The invented power amplifier 400 is illustrated in FIG. 4. It makes use of a single amplifying transistor 415 which is not connected directly to the load represented by the speaker 411 as compared with the traditional single transistor class A amplifying circuit shown in FIG. 1. The two terminals 412 and 413 of the speaker 411 are also connected to the amplifying circuit 430 instead of the transistor 415. The isolation between the speaker and the driving transistor is to enable the insertion of switching circuit means, which are illustrated in FIG. 5. In between the speaker 411 and the driving transistor 415 are two pairs of switching circuit 511, 512, 513 and 514. These switching circuits are driven by two control signals 515 and 516. During the upper portion cycle time 214, 231 of the signal, switch control 516 turns on switches 511 and 513 and switch control signal 515 turns off switches 512 and 514. During the lower portion cycle time of the signal, switch control signal 515 turns on switches 512 and 514 and switch control signal 516 turns off switches 511 and 513. Under this situation, the speaker terminal 412 is connected to the power source 431 through switch 512 and the speaker terminal 413 is connected to the collector of the transistor 415 through switch 514. It should be noted that the speaker polarity is reversed when compared with the switching circuit arrangement of the upper portion cycle period. This connection arrangement reassembled the traditional low cost class A amplifying circuit shown in FIG. 1 except the whole dynamic range of the amplifying circuit is configured only to drive either the upper portion cycle time or the lower portion cycle time of the signal. When the switched driving circuit 400 is studied with the speaker drawing 300, it can be observed that during the upper portion cycle time period, the speaker diaphragm is driven in between the position 316 and 318. During the lower portion cycle time period, the speaker diaphragm is driven in between the position 316 and 315 because the polarity of the speaker terminals is reversed. As a result, when the signal cycle time is considered in whole, the dynamic range of the speaker diaphragm is swinging in between position 315 and 318 which is double in distance when compared the positions 316 to 318 as in the condition of traditional class A amplifying circuit as shown in FIG. 1. The increase in speaker diaphragm substantially increases the sound pressure produced by the speaker and louder volume, less distorted output sound is achieved. If the signal powered to be dissipated by the speaker is to be maintained, the current driven through the speaker can be reduced by increasing the impedance of the speaker coil 313. Due to the nonlinear battery capacity versus loading current characteristic discussed in the summary of the invention, shifting the discharge load line of the battery substantially increases the ampere hour capacity of the battery.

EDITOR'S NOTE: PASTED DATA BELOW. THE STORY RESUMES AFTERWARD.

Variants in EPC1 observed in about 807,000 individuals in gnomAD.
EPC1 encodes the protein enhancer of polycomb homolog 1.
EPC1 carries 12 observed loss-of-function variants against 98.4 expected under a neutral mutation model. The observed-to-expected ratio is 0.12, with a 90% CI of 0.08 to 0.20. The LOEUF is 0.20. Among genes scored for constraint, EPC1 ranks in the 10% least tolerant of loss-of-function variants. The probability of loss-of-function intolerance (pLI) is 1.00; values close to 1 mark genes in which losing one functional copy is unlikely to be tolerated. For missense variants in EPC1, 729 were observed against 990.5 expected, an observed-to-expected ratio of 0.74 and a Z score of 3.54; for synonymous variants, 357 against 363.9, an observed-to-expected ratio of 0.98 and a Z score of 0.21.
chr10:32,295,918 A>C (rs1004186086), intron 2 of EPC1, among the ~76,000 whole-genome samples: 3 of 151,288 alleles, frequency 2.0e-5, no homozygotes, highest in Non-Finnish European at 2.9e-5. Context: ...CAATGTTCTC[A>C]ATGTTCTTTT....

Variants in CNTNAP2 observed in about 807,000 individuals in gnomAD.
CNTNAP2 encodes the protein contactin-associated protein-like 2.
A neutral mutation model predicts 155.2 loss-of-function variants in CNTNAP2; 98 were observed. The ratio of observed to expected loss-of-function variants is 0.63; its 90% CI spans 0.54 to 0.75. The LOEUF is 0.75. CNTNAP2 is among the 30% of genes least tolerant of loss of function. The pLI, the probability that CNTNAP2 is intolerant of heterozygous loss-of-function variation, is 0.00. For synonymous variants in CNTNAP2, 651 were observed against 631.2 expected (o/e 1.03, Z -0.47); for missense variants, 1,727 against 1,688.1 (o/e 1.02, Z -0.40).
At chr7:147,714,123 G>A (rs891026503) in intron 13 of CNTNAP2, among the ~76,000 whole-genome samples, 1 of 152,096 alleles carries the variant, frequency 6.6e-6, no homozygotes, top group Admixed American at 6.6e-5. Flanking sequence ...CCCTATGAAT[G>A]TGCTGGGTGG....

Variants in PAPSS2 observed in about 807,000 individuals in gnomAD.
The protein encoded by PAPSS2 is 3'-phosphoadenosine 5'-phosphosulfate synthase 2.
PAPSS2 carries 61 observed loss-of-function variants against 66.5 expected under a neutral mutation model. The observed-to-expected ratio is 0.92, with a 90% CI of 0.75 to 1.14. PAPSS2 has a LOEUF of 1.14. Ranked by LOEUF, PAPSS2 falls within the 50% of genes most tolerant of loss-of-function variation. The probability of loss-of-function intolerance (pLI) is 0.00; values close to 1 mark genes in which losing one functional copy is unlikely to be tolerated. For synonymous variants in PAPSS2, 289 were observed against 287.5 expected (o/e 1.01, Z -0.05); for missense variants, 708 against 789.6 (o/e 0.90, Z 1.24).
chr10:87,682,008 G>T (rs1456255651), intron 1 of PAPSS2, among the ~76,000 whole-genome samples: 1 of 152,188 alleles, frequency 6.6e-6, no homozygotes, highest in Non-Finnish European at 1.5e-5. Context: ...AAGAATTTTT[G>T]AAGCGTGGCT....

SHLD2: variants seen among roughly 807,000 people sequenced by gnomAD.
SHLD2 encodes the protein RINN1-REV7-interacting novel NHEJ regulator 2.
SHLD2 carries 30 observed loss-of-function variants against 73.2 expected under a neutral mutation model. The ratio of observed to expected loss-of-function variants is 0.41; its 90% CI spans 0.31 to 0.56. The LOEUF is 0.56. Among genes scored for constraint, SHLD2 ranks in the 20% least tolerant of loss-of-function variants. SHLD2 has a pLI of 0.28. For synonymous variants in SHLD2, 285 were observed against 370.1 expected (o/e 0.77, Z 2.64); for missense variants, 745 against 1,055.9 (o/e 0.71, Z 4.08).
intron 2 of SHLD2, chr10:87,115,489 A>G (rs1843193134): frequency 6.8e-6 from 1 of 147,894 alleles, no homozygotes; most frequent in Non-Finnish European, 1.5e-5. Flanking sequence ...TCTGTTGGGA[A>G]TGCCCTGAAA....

Another important consideration of the power conservation is achieved by studying the midpoint biasing position of the circuit as well as the speaker diaphragm position when the signal is at the mid level neutral position. In the tradition circuit design of FIG. 1, the neutral signal mid biasing point represented by the signal levels 213 and 216 is reflected by a half voltage point at terminal 121 of FIG. 1. If the power source 111 is 6V, the voltage at terminal 121 is ideally be biased to 3V. It means during this neutral signal time or small signal time, both the speaker 112 and the transistor 113 are sharing half of the DC power as heat energy without producing much audio power. As discussed above, this neutral signal mid biasing point is represented by the speaker diaphragm position 317 as illustrated in FIG. 3. The waste of DC biasing power is eliminated by the embodiment 400 of FIG. 1. During the neutral signal midpoint both the switch control signals 515 and 516 are turned off and therefore the circuit consumes no current. When the speaker diaphragm position is considered, the neutral signal biasing position of the speaker diaphragm 314 is shifted from position 317 to 316 where 316 is a no current position of the speaker. It should be noted that the operation of small signal period of an amplifier is very close to the performance of neutral signal biasing point. The advantage of saving DC power is particularly significant when the signal amplitude is soft.